Francisco J. Monaldi, Ph.D., is the fellow in Latin American energy policy and the director of the Latin America Energy Program at the Center for Energy Studies at Rice University’s Baker Institute for Public Policy.
He is also a fellow at the Center for the United States and Mexico, a lecturer in energy management at the Jones Graduate of School of Business, and a lecturer in energy economics at Rice University. He is a member of the International Faculty at IESA School of Management in Venezuela and Panama, where he was a professor and the founding director (2005-2012) of the Center for Energy and the Environment. He is a nonresident fellow at the Center on Global Energy Policy at Columbia University.
Monaldi was previously a visiting professor at the School of Government at the Tecnológico de Monterrey in México; an adjunct senior research scholar at the School of International and Public Affairs at Columbia University; a visiting professor of energy policy at the Harvard Kennedy School of Government; an associate of the Geopolitics of Energy Project and the Roy Family Fellow of the Environment and Natural Resources Program at the Belfer Center for Science and International Affairs; the Robert F. Kennedy Visiting Professor in Latin American Studies at Harvard University; an adjunct professor of international energy policy at the Fletcher School of Law and Diplomacy at Tufts University; a visiting professor of political economy at Stanford University; a national fellow at the Hoover Institution; and a researcher and lecturer in political economy at Universidad Católica Andrés Bello in Caracas. He has also been a visiting lecturer at the Graduate Institute in Geneva, the Universidad de los Andes in Bogotá, and the Universidad ESAN in Lima.
Monaldi is a leading scholar on the politics and economics of energy. He also studies policy related to resources and wealth management in Latin America and developing countries. He has consulted with numerous international institutions, governments and companies — including the International Monetary Fund, World Bank, Inter-American Development Bank, CAF Development Bank of Latin America, Saudi Aramco, Ecopetrol, PDVSA, PEMEX, Shell, Chevron, Total Energies, Equinor, JP Morgan, Barclays, Natural Resource Governance Institute, Harvard Center for International Development, CERA (S&P), Rystad, Wood Mackenzie, Eurasia Group, Medley Global Advisors, and the governments of Norway, the UK, the U.S., Argentina, Colombia, Ecuador, Mexico, Venezuela, Saudi Arabia and Kazakhstan.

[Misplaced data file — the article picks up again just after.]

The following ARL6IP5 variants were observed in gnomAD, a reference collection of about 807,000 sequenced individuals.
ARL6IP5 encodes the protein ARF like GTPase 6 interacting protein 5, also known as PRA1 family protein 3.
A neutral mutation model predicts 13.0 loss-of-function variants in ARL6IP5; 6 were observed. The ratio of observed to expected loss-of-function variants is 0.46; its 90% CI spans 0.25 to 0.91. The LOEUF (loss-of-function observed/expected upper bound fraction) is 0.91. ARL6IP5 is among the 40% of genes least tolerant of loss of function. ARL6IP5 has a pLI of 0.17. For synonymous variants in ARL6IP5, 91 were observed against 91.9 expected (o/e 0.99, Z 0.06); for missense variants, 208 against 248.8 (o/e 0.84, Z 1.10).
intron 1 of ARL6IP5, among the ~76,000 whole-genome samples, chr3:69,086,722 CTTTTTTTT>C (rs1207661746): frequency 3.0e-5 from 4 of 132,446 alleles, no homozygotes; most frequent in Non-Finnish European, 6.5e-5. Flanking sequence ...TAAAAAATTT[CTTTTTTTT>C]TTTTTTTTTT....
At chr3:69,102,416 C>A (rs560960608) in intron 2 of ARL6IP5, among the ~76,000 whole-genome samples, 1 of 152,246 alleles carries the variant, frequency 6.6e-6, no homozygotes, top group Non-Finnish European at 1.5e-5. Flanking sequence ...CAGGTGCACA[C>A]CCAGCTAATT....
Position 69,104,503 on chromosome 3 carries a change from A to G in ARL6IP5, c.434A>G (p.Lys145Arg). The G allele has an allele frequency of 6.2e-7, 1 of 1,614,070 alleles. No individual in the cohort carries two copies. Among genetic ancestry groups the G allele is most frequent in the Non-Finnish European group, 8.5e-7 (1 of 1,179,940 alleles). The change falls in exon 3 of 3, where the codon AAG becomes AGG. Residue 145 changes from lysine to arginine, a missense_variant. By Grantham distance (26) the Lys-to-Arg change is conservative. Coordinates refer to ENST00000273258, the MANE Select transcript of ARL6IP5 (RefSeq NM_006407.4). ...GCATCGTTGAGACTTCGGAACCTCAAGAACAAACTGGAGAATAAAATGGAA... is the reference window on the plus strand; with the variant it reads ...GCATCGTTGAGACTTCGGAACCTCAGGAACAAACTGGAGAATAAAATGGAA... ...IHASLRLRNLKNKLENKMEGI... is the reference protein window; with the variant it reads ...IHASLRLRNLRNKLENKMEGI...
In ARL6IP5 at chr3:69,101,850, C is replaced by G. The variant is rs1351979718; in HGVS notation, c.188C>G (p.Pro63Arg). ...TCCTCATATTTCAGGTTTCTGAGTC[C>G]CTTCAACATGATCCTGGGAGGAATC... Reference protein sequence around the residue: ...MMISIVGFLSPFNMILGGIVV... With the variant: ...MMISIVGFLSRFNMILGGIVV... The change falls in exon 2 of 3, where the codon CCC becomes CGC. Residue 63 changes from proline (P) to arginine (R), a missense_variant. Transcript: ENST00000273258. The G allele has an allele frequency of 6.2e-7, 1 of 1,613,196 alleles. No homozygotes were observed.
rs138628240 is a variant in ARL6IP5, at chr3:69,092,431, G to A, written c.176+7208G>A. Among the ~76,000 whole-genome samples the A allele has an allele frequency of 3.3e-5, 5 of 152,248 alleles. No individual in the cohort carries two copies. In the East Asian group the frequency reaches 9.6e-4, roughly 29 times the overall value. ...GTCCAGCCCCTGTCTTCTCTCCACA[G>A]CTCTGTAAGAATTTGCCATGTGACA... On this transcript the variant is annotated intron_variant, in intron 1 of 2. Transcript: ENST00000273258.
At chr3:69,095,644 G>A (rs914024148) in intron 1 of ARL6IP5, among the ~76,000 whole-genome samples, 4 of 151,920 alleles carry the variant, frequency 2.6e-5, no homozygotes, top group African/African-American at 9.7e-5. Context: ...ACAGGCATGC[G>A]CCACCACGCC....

Monaldi has authored and coauthored numerous academic publications, including “Shale Renders the Obsolescing Bargain obsolete: Political risk and foreign investment in Argentina’s Vaca Muerta” (Resources Policy, 2021); “The Cyclical Phenomenon of Resource Nationalism in Latin America” in the Oxford Research Encyclopedia (Oxford University Press, 2020); “The Political Economy of Oil Taxation in Latin America” in “The Political Economy of Taxation in Latin America,” G. Flores-Macias, ed. (Cambridge University Press, 2019); “Institutional Collapse” in “Venezuela Before Chavez: Anatomy of an Economic Collapse,” R. Hausmann and F. Rodriguez, eds. (Penn State University Press, 2014); “Oil Fueled Centralism,” in “Oil and Gas in Federal Systems,” G. Anderson, ed. (Oxford University Press, 2012); and “The Political Economy of Oil Contract Renegotiation in Venezuela,” in “The Natural Resources Trap: Private Investment without Public Commitment,” W. Hogan and F. Struzenegger, eds. (MIT Press, 2010).
He holds a Ph.D. and an M.A. in political science (political economy) from Stanford University, an M.A. in international and development economics from Yale University and a B.A. in economics from Universidad Católica Andrés Bello.Contact at email@example.com or 713-348-2476.
“Venezuela could add 200,000 barrels a day by 2025 & reach 1 million barrels per day as a result of successful negotiations & new issuing of licenses,” fellow Francisco Monaldi said of the Biden administration’s recent talks to lift sanctions against Venezuela.
Brazil is importing more Russian refined products and reducing imports from the U.S., leading to lower diesel prices. Fellow Francisco Monaldi explains why the U.S. lacks the political will to sanction countries that continue to buy the barrels.
Venezuela’s rise in oil production after 2021 was mostly driven by the exploitation of idle crude capacity. But that idle capacity is over unless national oil company PDVSA opens new wells, said fellow Francisco Monaldi.